I have no doubts in my ability to effectively communicate in an accessible and thought-provoking manner the problems and long-reaching implications of this project. Even more, I know I can communicate a vision for effective alternatives and investments in services and strategies which keep youth out of the criminal legal system for good.

However, this is much more than a thought exercise. The building of this new children’s jail does real-time harm to many Native, black and brown youth, children and families in King County. The continued investment in the racist punitive system stands in direct opposition to our ability to establish a system which is truly rehabilitative and restorative. Imagine if we invested more into building alternatives than into preserving the current punitive system? Imagine if we invested $233 million into the neighborhoods and families we know are most impacted by racism and poverty?

To “debate” a highly visible black mixed queer womxn for 30-minutes in studio with no audience does not count as community engagement, accountability, nor transparency; especially after six years of avoiding any real public forms. If I participate in this debate but do not push for more accessibility for those most impacted I become complicit in a system, county, and city which often prioritizes the theory and discussion of justice over the actual act of being just and in right relationship with those who bear the weight of historical and present-day systemic injustices.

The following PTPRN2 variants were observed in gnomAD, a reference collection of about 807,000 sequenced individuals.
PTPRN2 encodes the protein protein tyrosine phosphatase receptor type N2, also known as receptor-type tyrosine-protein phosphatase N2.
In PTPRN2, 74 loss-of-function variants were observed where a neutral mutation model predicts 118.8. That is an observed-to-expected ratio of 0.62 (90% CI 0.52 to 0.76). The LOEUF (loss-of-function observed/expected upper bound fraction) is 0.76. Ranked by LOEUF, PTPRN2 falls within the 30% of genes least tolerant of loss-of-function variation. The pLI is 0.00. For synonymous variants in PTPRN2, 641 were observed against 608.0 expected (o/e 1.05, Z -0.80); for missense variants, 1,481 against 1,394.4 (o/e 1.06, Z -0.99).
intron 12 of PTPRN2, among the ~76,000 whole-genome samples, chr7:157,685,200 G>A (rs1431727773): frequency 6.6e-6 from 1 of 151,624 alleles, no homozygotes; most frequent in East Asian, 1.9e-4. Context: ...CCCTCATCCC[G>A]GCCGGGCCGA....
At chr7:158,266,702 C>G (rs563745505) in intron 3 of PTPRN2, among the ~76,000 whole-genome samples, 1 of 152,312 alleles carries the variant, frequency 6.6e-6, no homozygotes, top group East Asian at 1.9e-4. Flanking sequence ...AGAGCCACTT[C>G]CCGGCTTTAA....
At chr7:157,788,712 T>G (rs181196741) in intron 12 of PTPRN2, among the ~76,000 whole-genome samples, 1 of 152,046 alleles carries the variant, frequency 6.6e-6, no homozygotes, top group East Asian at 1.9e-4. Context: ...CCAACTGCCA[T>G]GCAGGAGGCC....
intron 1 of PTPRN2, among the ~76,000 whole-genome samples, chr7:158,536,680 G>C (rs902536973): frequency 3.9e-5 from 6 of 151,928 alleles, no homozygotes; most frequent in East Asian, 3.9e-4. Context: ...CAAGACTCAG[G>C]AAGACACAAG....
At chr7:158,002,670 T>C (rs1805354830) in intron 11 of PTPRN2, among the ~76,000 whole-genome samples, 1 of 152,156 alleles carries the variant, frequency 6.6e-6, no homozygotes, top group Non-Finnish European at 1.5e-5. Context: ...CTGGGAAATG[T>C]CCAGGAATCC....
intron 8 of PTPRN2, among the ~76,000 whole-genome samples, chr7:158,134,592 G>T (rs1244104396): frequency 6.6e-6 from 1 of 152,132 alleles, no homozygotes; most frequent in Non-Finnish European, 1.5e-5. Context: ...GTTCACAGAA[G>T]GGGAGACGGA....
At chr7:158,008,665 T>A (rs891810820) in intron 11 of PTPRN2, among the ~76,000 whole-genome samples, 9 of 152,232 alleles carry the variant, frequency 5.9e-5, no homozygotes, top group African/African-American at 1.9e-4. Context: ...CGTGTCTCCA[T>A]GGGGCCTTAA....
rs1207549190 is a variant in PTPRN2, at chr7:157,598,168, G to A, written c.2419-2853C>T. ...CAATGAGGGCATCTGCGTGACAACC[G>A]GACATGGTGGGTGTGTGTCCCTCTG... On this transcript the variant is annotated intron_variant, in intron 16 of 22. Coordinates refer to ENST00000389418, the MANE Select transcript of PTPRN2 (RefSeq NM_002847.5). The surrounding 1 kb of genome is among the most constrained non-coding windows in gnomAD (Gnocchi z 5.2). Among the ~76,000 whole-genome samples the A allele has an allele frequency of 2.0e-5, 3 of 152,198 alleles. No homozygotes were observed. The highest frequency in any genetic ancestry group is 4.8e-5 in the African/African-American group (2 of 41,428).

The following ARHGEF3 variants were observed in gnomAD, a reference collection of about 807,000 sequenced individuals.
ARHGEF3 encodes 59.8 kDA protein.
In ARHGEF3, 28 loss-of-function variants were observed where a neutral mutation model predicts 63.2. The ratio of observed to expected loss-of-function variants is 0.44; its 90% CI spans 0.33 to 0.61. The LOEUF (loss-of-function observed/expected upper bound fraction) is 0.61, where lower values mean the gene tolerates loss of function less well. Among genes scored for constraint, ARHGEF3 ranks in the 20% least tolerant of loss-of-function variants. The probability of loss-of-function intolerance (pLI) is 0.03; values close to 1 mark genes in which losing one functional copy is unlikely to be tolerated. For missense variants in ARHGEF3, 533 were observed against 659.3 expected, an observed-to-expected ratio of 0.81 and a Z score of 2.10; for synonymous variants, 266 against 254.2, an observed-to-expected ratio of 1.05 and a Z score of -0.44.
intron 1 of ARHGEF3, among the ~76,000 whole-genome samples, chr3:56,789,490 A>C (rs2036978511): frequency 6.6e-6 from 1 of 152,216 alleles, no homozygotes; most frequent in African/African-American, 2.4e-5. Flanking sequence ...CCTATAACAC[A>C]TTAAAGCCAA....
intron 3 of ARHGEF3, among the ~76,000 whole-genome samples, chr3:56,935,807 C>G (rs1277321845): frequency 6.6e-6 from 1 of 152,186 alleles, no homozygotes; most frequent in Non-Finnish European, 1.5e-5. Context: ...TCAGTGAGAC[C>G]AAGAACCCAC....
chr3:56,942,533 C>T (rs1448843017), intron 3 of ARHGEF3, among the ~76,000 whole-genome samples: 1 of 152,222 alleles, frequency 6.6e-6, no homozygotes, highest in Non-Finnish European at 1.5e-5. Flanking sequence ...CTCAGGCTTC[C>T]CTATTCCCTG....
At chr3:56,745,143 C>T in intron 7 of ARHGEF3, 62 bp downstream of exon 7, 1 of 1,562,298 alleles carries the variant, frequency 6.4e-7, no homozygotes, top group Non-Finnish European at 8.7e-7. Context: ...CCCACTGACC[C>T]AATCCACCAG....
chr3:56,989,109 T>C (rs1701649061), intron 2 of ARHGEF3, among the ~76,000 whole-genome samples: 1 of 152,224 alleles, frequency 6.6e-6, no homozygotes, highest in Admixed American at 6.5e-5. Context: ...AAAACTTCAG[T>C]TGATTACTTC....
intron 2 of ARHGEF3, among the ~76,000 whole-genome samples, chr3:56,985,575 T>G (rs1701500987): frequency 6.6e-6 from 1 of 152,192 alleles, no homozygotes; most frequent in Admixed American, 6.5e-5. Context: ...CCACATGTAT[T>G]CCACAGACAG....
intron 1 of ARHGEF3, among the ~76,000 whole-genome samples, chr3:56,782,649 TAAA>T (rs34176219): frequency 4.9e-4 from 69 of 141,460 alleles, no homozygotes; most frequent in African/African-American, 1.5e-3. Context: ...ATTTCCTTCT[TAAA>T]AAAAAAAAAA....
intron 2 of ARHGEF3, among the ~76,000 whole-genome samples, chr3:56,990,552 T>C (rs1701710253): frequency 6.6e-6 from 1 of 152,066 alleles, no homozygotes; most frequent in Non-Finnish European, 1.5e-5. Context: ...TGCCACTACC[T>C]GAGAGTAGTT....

Executive Constantine and Seattle Channel I am willing to participate in the debate if:

  • The in-studio debate is made available online in its entirety
  • Any cut or edit made to the debate is only for the sake of time restrictions and these cuts are shaved directly off the end
  • I am able to bring with me two advisors and someone to film the in-studio debate to ensure fidelity of the recording presented to the public
  • Executive Constantine participates in a community forum as described above

In the political realm “closed-door discussions” continue to be the way in which many deals are made — a practice which only serves to further marginalize already disenfranchised communities. We must expect more from our elected officials. We must expect them to be present, accessible, transparent, and accountable; especially when making a decision that we know based on social science have a high likelihood of doing harm.

3 thoughts on “Debating the Youth Jail With Dow Constantine”

  1. “… develop an effective and innovative alternative to the punitive and traumatizing system of criminalization and incarceration of children in King County.” When that is done, then we can close the jail. But Ms. Oliver has yet to suggest an evidence-based alternative that gets better results in terms of public safety. That should not be hard, since the current Youth Jail (and prisons in general) perform so poorly in reforming people so they don’t victimize people again. In the 959 words above, we see no suggestion of what that alternative would look like and what evidence there is that it would work better.